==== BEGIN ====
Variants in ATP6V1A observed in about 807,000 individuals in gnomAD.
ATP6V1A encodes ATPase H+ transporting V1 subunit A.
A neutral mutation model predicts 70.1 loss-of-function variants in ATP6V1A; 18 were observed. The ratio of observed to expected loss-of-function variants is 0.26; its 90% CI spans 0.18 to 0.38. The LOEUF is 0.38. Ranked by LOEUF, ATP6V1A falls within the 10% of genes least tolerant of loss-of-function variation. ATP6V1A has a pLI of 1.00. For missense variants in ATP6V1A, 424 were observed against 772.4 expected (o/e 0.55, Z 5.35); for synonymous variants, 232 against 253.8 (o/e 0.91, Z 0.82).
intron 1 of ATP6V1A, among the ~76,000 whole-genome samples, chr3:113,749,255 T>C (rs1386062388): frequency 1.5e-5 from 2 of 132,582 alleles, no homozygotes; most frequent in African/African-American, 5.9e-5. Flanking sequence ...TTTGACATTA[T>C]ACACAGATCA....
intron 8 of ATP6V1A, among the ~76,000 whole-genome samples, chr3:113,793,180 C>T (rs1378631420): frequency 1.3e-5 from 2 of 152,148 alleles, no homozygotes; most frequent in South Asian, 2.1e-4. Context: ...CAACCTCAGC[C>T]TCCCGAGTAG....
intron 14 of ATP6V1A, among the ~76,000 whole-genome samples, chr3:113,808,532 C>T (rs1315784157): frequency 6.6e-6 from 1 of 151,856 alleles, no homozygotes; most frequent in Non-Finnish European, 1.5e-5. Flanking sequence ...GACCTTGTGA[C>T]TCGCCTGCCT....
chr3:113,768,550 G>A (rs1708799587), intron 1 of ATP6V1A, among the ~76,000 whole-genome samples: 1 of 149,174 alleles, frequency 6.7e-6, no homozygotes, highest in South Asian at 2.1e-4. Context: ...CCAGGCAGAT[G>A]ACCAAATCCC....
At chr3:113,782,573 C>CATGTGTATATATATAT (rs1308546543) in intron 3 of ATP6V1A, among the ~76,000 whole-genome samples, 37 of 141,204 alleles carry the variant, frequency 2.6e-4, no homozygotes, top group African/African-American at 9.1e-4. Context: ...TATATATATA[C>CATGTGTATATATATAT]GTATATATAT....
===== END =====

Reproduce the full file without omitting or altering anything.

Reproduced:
Variants in ATP6V1A observed in about 807,000 individuals in gnomAD.
ATP6V1A encodes ATPase H+ transporting V1 subunit A.
A neutral mutation model predicts 70.1 loss-of-function variants in ATP6V1A; 18 were observed. The ratio of observed to expected loss-of-function variants is 0.26; its 90% CI spans 0.18 to 0.38. The LOEUF is 0.38. Ranked by LOEUF, ATP6V1A falls within the 10% of genes least tolerant of loss-of-function variation. ATP6V1A has a pLI of 1.00. For missense variants in ATP6V1A, 424 were observed against 772.4 expected (o/e 0.55, Z 5.35); for synonymous variants, 232 against 253.8 (o/e 0.91, Z 0.82).
intron 1 of ATP6V1A, among the ~76,000 whole-genome samples, chr3:113,749,255 T>C (rs1386062388): frequency 1.5e-5 from 2 of 132,582 alleles, no homozygotes; most frequent in African/African-American, 5.9e-5. Flanking sequence ...TTTGACATTA[T>C]ACACAGATCA....
intron 8 of ATP6V1A, among the ~76,000 whole-genome samples, chr3:113,793,180 C>T (rs1378631420): frequency 1.3e-5 from 2 of 152,148 alleles, no homozygotes; most frequent in South Asian, 2.1e-4. Context: ...CAACCTCAGC[C>T]TCCCGAGTAG....
intron 14 of ATP6V1A, among the ~76,000 whole-genome samples, chr3:113,808,532 C>T (rs1315784157): frequency 6.6e-6 from 1 of 151,856 alleles, no homozygotes; most frequent in Non-Finnish European, 1.5e-5. Flanking sequence ...GACCTTGTGA[C>T]TCGCCTGCCT....
chr3:113,768,550 G>A (rs1708799587), intron 1 of ATP6V1A, among the ~76,000 whole-genome samples: 1 of 149,174 alleles, frequency 6.7e-6, no homozygotes, highest in South Asian at 2.1e-4. Context: ...CCAGGCAGAT[G>A]ACCAAATCCC....
At chr3:113,782,573 C>CATGTGTATATATATAT (rs1308546543) in intron 3 of ATP6V1A, among the ~76,000 whole-genome samples, 37 of 141,204 alleles carry the variant, frequency 2.6e-4, no homozygotes, top group African/African-American at 9.1e-4. Context: ...TATATATATA[C>CATGTGTATATATATAT]GTATATATAT....